Discussing End-of-Life Care With Older Patients: What Are You Waiting For?

Mary Anne Huggins, MD, CCFP, DABHPC; Laura Brooks, BScN, MScN, ACNP


Geriatrics and Aging. 2007;10(7):461-464. 

In This Article

Abstract and Introduction

Discussing end-of-life care with older patients is very important, as it ensures their preferences are known and they retain control over their care decisions even when they may no longer be actively involved in them. Unfortunately, these discussions do not always occur, and when they do occur, they are not always done well. There are patient and physician barriers to advanced care planning. Physicians may lack the skills necessary to accomplish the task of making decisions for future care. In this article we discuss advanced care planning, its importance as well as related challenges and barriers. We then outline a practical approach to advanced care planning for older adults.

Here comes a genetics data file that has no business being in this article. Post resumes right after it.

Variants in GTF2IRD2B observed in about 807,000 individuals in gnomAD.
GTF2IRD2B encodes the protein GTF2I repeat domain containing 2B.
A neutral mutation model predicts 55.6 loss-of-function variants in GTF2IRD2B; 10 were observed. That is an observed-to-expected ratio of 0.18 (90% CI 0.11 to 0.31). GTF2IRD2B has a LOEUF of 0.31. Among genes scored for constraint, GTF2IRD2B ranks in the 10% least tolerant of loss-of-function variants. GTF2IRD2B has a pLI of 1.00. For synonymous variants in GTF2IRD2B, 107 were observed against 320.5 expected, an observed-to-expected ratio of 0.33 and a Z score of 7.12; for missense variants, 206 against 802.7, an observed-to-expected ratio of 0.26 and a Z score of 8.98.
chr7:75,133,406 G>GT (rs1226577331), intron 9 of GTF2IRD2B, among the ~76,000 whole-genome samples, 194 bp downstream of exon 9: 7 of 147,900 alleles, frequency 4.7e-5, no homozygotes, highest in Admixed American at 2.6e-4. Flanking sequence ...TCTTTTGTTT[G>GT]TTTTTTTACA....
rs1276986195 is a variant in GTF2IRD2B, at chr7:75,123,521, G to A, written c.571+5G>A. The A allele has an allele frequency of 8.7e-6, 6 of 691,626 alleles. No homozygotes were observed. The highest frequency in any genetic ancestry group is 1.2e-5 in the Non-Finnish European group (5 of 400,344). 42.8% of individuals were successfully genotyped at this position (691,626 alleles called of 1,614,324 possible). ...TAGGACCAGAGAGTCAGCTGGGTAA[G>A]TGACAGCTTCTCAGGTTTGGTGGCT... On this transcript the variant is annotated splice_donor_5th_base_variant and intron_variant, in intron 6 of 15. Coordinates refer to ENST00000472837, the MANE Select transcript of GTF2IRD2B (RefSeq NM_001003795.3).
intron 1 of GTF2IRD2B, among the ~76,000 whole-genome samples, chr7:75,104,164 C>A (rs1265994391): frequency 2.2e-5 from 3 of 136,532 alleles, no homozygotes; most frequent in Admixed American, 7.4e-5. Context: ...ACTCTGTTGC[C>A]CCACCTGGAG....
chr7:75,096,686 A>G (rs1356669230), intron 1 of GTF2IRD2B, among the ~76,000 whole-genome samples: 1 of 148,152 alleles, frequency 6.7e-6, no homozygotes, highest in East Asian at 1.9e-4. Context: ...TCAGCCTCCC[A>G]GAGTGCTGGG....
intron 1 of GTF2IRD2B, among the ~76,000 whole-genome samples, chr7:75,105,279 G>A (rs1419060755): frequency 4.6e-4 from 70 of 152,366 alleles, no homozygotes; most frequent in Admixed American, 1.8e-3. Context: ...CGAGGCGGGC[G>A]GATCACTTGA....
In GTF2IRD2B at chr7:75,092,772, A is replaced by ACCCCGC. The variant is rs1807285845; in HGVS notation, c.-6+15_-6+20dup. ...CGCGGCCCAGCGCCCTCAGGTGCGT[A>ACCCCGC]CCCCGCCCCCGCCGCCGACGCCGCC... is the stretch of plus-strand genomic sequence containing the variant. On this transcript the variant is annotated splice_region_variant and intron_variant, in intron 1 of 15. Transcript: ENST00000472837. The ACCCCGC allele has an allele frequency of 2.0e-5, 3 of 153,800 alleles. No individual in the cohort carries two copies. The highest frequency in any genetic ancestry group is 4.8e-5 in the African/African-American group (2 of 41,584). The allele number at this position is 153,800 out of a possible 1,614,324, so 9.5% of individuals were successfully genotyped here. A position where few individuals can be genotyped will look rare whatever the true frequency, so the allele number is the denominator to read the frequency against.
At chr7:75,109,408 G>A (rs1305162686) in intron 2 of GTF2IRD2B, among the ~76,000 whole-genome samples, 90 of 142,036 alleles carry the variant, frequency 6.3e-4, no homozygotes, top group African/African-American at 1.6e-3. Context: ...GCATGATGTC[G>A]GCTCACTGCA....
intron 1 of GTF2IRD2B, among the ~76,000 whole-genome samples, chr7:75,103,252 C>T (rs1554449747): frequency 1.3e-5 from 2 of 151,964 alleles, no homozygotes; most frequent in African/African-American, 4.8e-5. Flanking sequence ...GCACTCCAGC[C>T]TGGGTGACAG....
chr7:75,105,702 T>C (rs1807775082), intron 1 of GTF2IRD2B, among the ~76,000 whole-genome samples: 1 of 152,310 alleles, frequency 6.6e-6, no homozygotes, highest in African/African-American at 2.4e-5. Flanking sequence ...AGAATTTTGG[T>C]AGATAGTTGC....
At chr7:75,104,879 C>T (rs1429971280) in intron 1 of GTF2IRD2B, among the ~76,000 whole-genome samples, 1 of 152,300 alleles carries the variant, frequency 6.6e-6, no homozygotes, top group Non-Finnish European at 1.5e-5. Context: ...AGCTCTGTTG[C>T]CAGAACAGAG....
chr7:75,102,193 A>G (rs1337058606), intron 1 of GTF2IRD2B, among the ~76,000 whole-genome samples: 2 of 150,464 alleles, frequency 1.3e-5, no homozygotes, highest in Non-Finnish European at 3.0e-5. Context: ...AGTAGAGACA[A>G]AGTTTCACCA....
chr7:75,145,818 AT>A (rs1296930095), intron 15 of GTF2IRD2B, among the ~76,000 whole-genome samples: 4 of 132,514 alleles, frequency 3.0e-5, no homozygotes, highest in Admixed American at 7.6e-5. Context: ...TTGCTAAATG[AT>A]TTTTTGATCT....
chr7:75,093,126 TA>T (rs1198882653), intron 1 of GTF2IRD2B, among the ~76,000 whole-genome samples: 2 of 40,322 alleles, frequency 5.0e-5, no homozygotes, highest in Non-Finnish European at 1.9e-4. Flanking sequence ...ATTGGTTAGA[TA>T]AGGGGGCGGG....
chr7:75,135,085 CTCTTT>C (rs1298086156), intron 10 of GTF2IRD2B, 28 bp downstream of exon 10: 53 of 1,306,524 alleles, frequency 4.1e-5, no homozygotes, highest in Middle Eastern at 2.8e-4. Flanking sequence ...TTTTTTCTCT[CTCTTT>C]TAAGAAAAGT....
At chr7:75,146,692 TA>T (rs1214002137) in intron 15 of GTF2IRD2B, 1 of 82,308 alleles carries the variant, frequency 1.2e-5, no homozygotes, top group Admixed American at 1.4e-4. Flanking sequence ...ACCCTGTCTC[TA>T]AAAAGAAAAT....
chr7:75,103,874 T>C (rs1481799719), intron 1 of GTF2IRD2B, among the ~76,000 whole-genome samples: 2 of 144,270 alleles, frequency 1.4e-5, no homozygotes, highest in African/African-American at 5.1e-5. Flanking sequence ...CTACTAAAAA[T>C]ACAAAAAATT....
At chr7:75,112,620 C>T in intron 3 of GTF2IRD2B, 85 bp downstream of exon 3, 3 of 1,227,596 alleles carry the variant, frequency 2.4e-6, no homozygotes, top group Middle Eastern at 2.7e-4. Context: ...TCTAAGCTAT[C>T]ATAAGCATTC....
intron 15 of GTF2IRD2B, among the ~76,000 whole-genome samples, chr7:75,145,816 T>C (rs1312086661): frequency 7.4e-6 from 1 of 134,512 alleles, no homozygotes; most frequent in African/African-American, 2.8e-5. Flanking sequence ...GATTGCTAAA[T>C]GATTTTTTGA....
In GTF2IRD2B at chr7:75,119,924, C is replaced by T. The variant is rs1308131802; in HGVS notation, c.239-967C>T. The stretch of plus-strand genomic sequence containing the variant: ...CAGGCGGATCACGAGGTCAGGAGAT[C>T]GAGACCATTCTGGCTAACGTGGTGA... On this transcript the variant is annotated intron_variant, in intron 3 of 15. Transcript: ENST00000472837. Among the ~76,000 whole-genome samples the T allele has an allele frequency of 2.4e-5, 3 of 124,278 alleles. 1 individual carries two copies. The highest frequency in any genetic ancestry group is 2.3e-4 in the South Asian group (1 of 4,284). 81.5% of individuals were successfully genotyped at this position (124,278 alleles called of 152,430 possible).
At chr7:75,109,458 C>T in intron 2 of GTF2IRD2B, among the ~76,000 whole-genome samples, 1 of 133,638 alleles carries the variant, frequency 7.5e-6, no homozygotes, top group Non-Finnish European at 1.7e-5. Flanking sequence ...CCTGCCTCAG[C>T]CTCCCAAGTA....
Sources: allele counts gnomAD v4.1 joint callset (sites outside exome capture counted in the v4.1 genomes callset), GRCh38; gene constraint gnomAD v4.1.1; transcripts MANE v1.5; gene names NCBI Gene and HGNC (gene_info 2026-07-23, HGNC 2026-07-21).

Most older adults are relatively cognizant of their mortality. Death may already surround them: their friends and siblings may be dying or have died. Older people usually have experience with death, even though they may not talk about it. They have probably thought about their own death, about the process of dying and have ideas about what they want and what they do not want, and these are issues that physicians and their patients should be discussing at various times in the doctor-patient relationship.[1,2] This should be especially true for the care of older patients as death becomes more foreseeable; however, this does not always happen.[3,4,5]

Discussing and planning for the end of life can be a challenge. In this review we will define advanced care planning (ACP), discuss the importance and challenges of ACP, including barriers to planning, and outline a practical approach to ACP.


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